Meta avatarThe Long Goodbye   Sun 11-Feb-2018 11:48

The Long Goodbye

Nothing else exists. It is just the two of us. And I am totally caught up in the moment. Then I hear “Oi, are you getting in or not? I can’t sit here all fucking night waiting for you to finish eating each other’s faces”.

That certainly kills the romance.

I turn to get in. But Jake stops me and tells him to go. He kisses me again. He obviously wants to whisk me off to bed. I tell him that I would love to get naked with him. But it's too soon. He agrees.

I’m confused “So why did you send the taxi away?” He says that the driver was aggressive. And he didn’t want me getting into his taxi.

I should be offended; he is implying that I can’t look after myself. But I find it really sweet that he cares. I want him to look after me. Oh dear. What is wrong with me?

He hails another taxi. And we part reluctantly. I smile to myself as I sink back into the seat.

Then I start playing a silly numbers game; when I was graduating from university, he was still at primary school. And when I was leaving primary school...... he hadn’t even been born.

This is so unfair. Why can’t he be older? I stamp my feet, clench my fists and actually growl with frustration. I become very much like a petulant child when inebriated.

The taxi driver can’t help but notice my little tantrum “You alright love?” I respond with “No, actually I’m not. I have just had a wonderful evening with a lovely man.” Then I put my head in my hands. And growl a little more.

“That doesn’t sound like such a bad thing love!” I explain that he is thirteen years younger than me. And I don’t want to look like a ridiculous older woman having a midlife crisis.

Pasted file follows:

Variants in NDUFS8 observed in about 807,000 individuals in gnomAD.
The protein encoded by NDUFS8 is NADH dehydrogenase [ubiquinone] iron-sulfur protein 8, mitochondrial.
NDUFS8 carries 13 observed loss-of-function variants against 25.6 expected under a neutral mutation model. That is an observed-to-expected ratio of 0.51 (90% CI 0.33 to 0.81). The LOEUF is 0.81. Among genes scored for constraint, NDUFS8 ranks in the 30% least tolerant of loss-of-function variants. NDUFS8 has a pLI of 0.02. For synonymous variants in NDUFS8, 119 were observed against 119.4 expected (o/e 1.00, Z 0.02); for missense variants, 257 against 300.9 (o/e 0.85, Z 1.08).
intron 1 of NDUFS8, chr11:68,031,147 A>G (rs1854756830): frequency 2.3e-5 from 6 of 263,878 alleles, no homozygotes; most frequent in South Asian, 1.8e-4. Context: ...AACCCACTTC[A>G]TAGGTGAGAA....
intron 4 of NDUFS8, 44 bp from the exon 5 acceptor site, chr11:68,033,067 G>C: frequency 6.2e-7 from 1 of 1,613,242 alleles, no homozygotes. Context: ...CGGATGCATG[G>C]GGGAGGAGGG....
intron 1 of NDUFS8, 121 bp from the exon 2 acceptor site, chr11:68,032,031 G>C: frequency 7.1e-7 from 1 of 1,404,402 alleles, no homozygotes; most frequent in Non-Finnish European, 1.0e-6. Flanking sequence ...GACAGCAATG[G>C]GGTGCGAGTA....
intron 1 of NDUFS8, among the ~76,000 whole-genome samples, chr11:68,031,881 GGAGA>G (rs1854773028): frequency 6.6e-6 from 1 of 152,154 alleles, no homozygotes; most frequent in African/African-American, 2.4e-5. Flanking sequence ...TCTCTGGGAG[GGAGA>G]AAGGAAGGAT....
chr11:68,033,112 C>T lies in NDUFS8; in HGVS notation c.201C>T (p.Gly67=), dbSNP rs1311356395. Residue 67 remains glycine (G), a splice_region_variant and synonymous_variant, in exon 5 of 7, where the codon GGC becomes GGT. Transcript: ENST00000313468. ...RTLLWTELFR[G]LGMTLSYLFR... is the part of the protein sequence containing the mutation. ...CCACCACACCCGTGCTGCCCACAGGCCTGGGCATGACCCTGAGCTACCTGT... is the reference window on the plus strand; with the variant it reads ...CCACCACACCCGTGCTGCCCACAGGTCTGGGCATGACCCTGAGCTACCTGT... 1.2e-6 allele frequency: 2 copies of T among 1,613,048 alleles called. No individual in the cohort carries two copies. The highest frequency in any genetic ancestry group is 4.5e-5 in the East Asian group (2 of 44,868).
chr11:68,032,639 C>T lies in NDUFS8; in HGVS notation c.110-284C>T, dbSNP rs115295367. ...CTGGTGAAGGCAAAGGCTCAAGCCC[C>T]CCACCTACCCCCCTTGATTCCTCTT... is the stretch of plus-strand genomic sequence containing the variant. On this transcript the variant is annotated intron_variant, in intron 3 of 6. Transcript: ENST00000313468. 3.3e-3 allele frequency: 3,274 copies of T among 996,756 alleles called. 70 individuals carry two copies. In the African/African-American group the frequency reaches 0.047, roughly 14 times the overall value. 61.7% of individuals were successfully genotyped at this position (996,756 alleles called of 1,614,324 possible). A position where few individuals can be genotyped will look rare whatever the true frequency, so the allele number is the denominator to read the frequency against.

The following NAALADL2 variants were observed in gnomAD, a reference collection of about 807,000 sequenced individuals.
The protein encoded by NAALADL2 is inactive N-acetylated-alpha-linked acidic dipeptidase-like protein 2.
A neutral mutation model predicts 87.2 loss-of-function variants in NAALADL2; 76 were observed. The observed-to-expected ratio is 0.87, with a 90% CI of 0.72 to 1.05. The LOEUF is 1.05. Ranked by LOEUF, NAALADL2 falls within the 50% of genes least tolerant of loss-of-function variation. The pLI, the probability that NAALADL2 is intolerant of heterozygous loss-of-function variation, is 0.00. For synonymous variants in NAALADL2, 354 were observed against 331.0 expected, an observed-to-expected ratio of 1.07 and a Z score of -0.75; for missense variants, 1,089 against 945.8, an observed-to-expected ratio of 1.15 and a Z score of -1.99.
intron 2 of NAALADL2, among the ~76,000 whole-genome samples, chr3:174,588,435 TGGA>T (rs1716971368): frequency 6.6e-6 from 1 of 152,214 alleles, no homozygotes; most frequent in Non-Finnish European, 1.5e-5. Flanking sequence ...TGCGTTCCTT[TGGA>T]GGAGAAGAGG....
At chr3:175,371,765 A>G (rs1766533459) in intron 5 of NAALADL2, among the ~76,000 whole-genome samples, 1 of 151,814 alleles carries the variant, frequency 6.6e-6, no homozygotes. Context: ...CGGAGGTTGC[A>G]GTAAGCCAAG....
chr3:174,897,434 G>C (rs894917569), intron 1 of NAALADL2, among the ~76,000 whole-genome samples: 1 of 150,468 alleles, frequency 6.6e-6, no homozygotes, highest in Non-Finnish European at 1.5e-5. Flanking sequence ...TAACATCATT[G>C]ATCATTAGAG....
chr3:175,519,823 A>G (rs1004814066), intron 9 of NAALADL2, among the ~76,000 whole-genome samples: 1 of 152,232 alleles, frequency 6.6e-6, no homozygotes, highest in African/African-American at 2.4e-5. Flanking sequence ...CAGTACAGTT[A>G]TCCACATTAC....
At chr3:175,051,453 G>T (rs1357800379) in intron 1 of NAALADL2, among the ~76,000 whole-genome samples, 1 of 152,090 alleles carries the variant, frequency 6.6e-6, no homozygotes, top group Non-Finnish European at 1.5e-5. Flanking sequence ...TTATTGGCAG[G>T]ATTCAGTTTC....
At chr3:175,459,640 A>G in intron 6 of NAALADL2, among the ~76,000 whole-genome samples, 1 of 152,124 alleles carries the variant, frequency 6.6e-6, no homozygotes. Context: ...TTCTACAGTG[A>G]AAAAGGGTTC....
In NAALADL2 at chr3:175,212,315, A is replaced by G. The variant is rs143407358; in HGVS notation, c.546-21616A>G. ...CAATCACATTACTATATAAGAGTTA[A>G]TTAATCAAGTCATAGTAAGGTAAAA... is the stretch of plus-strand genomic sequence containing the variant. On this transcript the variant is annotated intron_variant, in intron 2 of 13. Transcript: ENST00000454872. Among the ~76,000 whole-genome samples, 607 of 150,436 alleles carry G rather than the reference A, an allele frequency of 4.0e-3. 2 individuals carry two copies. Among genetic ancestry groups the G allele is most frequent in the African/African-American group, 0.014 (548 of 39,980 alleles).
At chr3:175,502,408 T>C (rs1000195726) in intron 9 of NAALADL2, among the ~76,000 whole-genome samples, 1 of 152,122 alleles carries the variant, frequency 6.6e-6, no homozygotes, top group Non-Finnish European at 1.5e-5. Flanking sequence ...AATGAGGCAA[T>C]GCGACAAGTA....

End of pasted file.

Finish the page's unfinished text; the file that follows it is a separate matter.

He laughs “You looked around the same age to me love” Ordinarily his consistent use of ‘love’ would grate on me. But he is being complimentary so I let him continue.

He speaks in clichés all the way home “age is nothing but a number”- “you’re only as old as you feel”. In short, he says everything I want to hear. Clearly this man has great wisdom and insight. I will see Jake again. I thank him.

I am about to get out when he says “You’re welcome love. Now if you don’t mind me asking, who are you going to be voting for in the next general election?” I really don’t want to get into a political debate so I tell him that I'll decide closer to the time.

Then he completely throws me by saying that he thinks UKIP have lost it since Farage resigned so he will be voting for the BNP. And that I should vote for them too. He is black. The BNP are neo-Nazis. Clearly he is joking. I laugh “You almost had me there!”

He assures me that he is serious. Apparently immigration is getting out of hand and the BNP are the only ones willing to tackle it.

I explain, as gently as I can, that if the BNP were ever to get into power, he would be amongst the first people to be deported. I suggest he reads their manifesto very carefully.

But his mind is made up. And his high level of stupidity obviously negates all the relationship advice he gave me.

I send Jake a text, home safely – thank you for a lovely evening. Then he calls. And tells me he would love to see me again. I hesitate. He asks if his age is an issue. I admit that the age difference concerns me.

We talk effortlessly for one hour and twenty three minutes. It would have been longer but my stomach started cramping quite badly. And I had to leg it to the bathroom. I don’t think those prawn shells agreed with me.

I am woken up by the incessant ringing of the telephone. It’s my mother. She wants to know why I am not there yet.

I arrive to find her baking for an army. They are flying to Cyprus tonight. And it is custom that family and friends come to see you off when you are going away. Custom also dictates that you feed them. This has always struck me as being both inconvenient and inconsiderate.

My mother sits me down with a glass of water. She smiles sadly whilst brushing my hair out of my eyes. Then she cups my face in her hands. And breaks the news to me gently, "Kitty, I'm afraid there hasn't been any interest in you from the wedding". I almost snort with laughter.

Then realise that she is genuinely concerned for me. I manage to keep a straight face as she tells me that I mustn’t give up hope. She kisses me on the head. And almost chokes me as she forces her freshly baked olive bread into my mouth.

Then she says “We will be making enquiries in Cyprus so all is not lost yet. You never know, we may even come back with a surprise for you!”

That 'surprise' is likely to be the village idiot.